10 Open Concept Walk-in Wardrobe Ideas for Your HDB
A walk-in wardrobe in your HDB might be an indulgence in your square footage-starved space, but there are ways to have your cake and eat it too. One of our favourite solutions to incorporate this luxury item in your HDB? Go for an open concept walk-in wardrobe. This often creates a lighter, airier feel in your space and helps to lift the visual bulk. Bonus if you have pretty clothes to show for it. Of course, the only gripe is that you’ll always need to keep things neat and tidy, lest you fall into clutter territory. But that’s a small price to pay for living the high life.
1. An extra room was sacrificed in order to have an adjoining walk-in wardrobe with the master bedroom. The display shelf, which is used to store fashion accessories, can be concealed behind a sliding glass panel to keep out dust.
Design: Adroit Interior Design
2. Don’t want to sacrifice a bedroom? Opt for this solution, where a corner of the room was set aside to use as a walk-in wardrobe. It is enclosed behind tinted glass panels, giving some privacy while still creating an openness. The minimalist closet is made from just a couple of steel bars, further reducing the visual heft. Closed drawers on the floor hide intimates.
Design: Dyel Design
3. Brandishing your wardrobe for all to see may be a bold move on the homeowner’s part, but it turned out to be a right design decision seeing as the vibrant hues of her clothes, seen from the see-through walk-in wardrobe, gave an added lift to the overall backdrop of the loft style in this HDB flat.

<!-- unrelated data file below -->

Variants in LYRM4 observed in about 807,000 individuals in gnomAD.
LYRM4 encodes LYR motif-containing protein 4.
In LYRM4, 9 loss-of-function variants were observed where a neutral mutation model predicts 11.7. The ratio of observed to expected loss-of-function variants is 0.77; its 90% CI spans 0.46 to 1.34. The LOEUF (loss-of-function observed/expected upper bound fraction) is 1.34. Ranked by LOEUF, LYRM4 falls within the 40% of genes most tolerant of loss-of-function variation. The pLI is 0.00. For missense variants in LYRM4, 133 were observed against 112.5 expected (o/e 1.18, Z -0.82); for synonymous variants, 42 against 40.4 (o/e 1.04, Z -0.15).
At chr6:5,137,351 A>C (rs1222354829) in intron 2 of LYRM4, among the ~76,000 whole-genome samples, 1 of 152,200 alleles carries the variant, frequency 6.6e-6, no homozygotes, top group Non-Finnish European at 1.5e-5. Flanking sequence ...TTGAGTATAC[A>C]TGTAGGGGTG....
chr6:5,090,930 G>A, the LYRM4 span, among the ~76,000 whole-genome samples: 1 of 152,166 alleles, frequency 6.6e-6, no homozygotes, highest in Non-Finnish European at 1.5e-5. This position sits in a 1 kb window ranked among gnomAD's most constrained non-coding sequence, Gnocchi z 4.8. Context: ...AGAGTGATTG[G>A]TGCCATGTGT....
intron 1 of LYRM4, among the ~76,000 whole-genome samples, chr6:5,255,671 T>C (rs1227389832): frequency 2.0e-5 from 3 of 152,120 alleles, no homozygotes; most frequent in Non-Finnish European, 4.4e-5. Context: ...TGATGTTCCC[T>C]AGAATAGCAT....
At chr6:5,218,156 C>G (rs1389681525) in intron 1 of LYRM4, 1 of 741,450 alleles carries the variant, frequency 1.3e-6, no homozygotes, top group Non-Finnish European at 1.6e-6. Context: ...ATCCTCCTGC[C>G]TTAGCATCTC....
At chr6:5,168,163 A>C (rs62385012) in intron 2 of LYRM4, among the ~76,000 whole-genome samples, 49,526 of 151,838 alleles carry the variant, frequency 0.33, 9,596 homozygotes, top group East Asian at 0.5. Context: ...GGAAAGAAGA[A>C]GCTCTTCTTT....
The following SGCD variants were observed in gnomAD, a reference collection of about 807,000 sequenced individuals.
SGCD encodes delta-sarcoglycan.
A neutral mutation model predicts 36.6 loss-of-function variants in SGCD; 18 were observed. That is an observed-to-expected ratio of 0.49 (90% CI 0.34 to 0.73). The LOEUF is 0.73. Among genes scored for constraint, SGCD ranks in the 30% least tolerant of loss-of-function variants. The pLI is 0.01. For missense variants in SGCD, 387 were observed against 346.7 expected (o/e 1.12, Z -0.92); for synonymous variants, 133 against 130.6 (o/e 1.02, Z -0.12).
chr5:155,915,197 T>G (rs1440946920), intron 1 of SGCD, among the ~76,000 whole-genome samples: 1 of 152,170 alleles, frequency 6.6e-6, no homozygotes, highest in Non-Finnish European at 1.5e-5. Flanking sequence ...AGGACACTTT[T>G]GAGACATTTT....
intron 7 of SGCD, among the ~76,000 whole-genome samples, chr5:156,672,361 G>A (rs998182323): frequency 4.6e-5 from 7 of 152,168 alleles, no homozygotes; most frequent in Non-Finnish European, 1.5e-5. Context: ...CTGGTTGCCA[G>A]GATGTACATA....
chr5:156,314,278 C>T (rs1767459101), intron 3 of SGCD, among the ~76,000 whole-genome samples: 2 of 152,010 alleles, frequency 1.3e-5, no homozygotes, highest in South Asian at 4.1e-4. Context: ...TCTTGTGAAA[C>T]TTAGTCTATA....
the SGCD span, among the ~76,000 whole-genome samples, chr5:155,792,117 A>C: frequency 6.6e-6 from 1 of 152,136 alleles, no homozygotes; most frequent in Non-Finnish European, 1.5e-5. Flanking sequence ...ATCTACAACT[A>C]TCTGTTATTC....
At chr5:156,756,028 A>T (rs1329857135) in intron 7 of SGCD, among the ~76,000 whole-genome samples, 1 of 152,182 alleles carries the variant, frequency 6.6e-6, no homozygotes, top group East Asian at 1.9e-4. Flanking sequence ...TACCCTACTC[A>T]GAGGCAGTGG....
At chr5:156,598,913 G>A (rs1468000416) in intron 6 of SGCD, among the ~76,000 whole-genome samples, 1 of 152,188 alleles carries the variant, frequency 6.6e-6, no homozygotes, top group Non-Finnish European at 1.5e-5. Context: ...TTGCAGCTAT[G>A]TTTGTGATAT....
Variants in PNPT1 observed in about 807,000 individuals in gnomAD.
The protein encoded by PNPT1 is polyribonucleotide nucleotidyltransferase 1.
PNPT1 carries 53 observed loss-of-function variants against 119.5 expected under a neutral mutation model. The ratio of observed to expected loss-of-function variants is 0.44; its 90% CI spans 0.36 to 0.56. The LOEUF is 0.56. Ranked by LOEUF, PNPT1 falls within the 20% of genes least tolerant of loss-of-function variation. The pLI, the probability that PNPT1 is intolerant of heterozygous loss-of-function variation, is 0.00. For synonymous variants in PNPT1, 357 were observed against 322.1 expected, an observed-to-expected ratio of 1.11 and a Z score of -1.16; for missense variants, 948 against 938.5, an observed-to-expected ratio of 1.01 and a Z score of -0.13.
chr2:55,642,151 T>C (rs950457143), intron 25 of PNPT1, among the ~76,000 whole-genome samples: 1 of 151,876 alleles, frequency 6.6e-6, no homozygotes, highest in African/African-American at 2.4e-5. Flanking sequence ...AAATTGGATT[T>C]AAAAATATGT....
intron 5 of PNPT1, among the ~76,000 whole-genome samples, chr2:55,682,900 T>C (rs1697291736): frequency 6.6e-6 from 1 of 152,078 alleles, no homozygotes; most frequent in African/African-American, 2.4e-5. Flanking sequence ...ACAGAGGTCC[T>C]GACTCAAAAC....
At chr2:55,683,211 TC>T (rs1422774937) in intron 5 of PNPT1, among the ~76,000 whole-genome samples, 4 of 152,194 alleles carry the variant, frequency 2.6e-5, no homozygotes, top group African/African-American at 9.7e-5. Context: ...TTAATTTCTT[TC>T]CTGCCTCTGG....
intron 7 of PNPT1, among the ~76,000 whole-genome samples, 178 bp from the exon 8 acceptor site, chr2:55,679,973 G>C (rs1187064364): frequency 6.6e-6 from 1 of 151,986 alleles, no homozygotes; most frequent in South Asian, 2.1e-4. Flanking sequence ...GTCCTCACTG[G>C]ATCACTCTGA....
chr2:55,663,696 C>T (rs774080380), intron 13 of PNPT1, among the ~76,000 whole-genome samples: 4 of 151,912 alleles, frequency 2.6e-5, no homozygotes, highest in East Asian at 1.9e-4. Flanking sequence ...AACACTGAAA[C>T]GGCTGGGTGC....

Design: Linear Space Concepts
4. This open concept walk-in wardrobe sits just outside the master en-suite in this home, which makes a lot of practical sense, seeing as the homeowner’s morning routine starts in the bathroom before he decides what to wear for the day. The openness of the wardrobe not only creates a visual lightness, it also helps make decision-making that much easier on bleary mornings.
5. A thin plaster wall separates the open concept walk-in wardrobe from the bedroom without taking up too much floor estate. The wall also functions as a bedhead as well as a place to put up the spotlights, which help to illuminate the closet area. Open shelves and cubbies coupled with closed drawers form the wardrobe. In order to elevate the visual bulk, the drawers sit on raised legs, lending a lighter and airier feel.
Design: The Minimalist Society
6. Similarly enclosed behind glass panels, the open concept walk-in wardrobe in this BTO sits where the original master bedroom was located. The bedroom adjoins the closet and access is via sliding glass panels as well as through the door of the original master bedroom. Several walls were hacked to create this unique layout.
Design: Zenith Arc
7. The wardrobe sits at the foot of the bed, forming a see-through barrier between the sleeping area and the short walkway to the en suite. Made from black-framed glass panels, the closet’s design ensures that light can still pass through both zones, preventing either side from appearing too dark.
8. A shared walk-in wardrobe space is an option if you can’t afford a dedicated closet room. In this space, the closet shares the same area as the home office. It comes with see-through glass doors, which help to keep out the dust while still giving a sense of openness. A wall-mounted dressing table mirror the workstation on the other wall.
Design: Design NEU
9. Here’s another walk-in wardrobe that shares a space with the study area. The open concept wardrobe, enclosed behind black-framed glass panels, is sequestered to a corner of the room, which helps to reduce the footprint it takes up.
Design: Design NEU
10. Mirrored cabinet doors of this open wardrobe reflect the sleeping area, lending additional visual depth to the closet space. A frameless glass panel is almost invisible from view as it divides both the zones.
Prefer not to hack away walls in your HDB? Read our guide to the 8 Ways You Can Squeeze a Walk-in Wardrobe in your HDB flat Without Hacking any Walls.
Do you love what you’ve seen? Contact us for a non-obligated consultation now.